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The Good Days – Part 2: Back at the Helm
Hey, how are you? Back to figuring out how to live a functional life with multiple complex disorders and maladaptive behaviours. We’ve figured out how to make the most of resurfacing from the depths of rock-bottom, finding your boat, getting up on it, and standing up. But the work is only just beginning, because now we’re in a position to actually deal with life, and that can be even more terrifying than the bottom of the ocean.
For example, sometimes situations will come up where I’m forced to operate with gaping wounds, like if my son needs me or if I’ve made a commitment that would really be detrimental to cancel (when I’m down in the depths I’m too far gone to care, but when I’m back on board I can usually force myself when necessary). These are things I have to be particularly careful with, because I need to remember that just because I was able to get through these forced activities, doesn’t mean I’m ready to take on the world again. I need to realize that these situations will actually set my recovery back and require me to plan for extra time in the process, and maybe even intentionally put other recovery activities on pause so that I can deal with whatever urgently needs my time and attention. Maybe it means I can’t do my proper sleep hygiene that night, or I need to skip a meal, or I won’t get the alone time that I need. This will reduce the stores of emotional and/or physical energy I have while also using what I do have at an accelerated rate, so extra care and attention are needed afterward.
Again, this all sums up to forcing myself to slow down and not rush into things when I get a boost, which I hate. I hate being emotionally disabled, I hate being sick, and I hate needing to do things differently than everyone else. But it’s kind of like investing instead of spending – something I struggle with when it comes to monetary currency as well as emotional and physical currency. I see something I want, like an interaction or activity, and I burn through my metaphorical bank account and maybe even go into overdraft without thinking about it. I’m only just starting to realize that these emotional and physical debts always come due. Perhaps what’s been happening to me the last couple of years is the equivalent of that massive student loan debt I accumulated and was too anxious to deal with finally going to collections and destroying my credit rating and my ability to do a lot of things that I once dreamed of.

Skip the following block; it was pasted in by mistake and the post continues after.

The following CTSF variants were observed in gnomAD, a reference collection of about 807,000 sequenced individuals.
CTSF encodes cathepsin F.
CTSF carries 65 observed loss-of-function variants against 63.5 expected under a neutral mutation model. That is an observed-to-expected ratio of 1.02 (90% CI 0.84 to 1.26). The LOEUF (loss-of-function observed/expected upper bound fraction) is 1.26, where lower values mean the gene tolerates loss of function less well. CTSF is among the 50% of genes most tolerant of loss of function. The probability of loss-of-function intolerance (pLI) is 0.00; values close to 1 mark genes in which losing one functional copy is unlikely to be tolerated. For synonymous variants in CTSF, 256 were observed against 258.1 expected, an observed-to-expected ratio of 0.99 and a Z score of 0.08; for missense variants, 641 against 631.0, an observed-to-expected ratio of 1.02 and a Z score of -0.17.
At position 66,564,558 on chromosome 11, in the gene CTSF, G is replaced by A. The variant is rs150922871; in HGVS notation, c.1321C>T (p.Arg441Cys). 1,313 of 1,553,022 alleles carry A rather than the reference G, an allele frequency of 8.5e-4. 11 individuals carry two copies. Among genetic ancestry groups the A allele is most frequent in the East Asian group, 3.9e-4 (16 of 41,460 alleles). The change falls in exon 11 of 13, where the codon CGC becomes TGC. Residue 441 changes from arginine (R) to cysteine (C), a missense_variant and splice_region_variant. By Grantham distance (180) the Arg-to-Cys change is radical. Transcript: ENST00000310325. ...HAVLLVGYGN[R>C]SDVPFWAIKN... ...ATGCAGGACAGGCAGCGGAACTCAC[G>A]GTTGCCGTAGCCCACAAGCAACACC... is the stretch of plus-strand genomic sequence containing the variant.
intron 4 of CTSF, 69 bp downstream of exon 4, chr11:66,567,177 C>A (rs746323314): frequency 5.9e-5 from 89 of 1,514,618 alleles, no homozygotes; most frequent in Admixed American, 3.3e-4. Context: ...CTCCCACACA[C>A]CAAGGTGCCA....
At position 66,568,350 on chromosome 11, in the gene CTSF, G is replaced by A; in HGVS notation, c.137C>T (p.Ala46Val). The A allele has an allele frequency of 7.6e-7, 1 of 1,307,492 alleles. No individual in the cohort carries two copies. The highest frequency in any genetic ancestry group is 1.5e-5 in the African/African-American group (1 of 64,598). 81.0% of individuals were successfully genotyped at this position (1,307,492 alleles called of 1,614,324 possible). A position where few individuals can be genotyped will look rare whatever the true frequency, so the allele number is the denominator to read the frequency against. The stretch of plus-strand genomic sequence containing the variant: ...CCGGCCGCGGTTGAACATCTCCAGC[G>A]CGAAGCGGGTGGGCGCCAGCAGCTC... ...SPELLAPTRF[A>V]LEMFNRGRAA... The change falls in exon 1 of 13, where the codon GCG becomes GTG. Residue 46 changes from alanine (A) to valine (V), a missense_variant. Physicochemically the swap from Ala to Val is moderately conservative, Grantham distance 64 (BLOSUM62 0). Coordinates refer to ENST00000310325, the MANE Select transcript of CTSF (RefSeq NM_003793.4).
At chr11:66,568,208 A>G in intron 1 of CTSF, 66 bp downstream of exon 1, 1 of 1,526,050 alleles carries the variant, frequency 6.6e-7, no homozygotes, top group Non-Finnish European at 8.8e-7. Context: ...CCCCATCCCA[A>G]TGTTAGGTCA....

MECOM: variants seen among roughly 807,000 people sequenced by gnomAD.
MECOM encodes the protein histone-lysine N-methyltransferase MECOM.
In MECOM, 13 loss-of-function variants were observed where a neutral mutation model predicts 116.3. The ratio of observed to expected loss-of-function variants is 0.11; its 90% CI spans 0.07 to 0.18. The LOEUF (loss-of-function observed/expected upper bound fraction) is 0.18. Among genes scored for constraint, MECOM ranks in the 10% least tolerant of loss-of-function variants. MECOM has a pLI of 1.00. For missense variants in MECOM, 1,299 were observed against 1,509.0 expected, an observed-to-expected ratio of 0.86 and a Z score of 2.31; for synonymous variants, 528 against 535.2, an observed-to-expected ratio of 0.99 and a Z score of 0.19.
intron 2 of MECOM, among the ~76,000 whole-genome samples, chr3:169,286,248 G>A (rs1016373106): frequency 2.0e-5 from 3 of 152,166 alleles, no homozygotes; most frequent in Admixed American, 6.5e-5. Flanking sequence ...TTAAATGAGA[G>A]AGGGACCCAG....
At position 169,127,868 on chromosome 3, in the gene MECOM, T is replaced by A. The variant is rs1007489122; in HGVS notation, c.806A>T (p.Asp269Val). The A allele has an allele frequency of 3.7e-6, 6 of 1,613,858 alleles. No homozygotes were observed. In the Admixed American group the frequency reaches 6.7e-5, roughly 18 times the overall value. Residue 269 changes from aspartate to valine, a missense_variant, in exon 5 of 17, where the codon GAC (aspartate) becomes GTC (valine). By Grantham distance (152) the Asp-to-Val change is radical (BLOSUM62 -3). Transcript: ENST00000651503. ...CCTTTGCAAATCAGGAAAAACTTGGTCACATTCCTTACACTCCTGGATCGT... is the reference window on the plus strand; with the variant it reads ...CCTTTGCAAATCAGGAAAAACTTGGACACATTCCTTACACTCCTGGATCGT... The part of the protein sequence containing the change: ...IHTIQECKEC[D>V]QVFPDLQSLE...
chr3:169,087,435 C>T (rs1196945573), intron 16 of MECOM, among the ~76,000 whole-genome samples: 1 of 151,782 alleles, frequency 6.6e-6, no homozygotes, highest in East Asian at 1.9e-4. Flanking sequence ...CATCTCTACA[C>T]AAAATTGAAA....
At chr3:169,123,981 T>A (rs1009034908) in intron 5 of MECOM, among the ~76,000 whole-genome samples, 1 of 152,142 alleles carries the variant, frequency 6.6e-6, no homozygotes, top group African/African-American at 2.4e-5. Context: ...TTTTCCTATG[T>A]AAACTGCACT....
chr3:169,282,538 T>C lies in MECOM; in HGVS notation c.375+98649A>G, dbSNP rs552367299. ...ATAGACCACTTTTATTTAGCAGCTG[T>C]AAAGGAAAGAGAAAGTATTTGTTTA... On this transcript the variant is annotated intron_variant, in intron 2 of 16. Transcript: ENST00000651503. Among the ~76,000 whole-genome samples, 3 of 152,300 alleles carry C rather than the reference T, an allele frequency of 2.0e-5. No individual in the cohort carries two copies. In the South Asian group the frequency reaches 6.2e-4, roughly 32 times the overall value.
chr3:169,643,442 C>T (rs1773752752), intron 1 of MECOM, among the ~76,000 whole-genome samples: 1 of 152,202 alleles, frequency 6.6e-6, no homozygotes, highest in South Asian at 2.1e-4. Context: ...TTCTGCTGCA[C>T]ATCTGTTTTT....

I wish I could just work my butt off for the shortest period of time so that I can pay off my student loans in massive chunks. But there is no way that I can find a job that would pay enough, or have enough hours in the day to work that hard to pay those tens upon tens of thousands of dollars. I hate that I have to be on a payment plan, only being able to pay off a teeny bit at a time that seems inconsequential. Laughable, to be honest. But the thing is, if I did try to work twenty hours a day at a shitty, high-paying, I wouldn’t be able to do anything else. I wouldn’t be able to spend any time with my son or my church, or do anything that makes me a human being and not just a robot doing a job day in and day out. I would most certainly fail at the job and potentially even do myself permanent damage before I made even a dent in my loans. As much as I want to be like those people who tell me they worked really hard through school and barely owe anything, and are living debt-free and blah blah blah, I just can’t do that.
When it comes to my monetary debt, I feel inadequate and stupid about the fact that I wracked up all this emotional debt, unlike my peers who managed to get through life without doing that. Surely there must be something wrong with me that I couldn’t have an “attitude of gratitude” and practice enough “self-care” to do my life without slowly becoming hollowed out and riddled with holes. Whenever I get a breather, I feel like I need to do everything I can do make up for lost time, late commitments, and missed deadlines, but in that desperate race repay what I owe I just end up digging myself further into a hole. And this has been the pattern for my ENTIRE LIFE.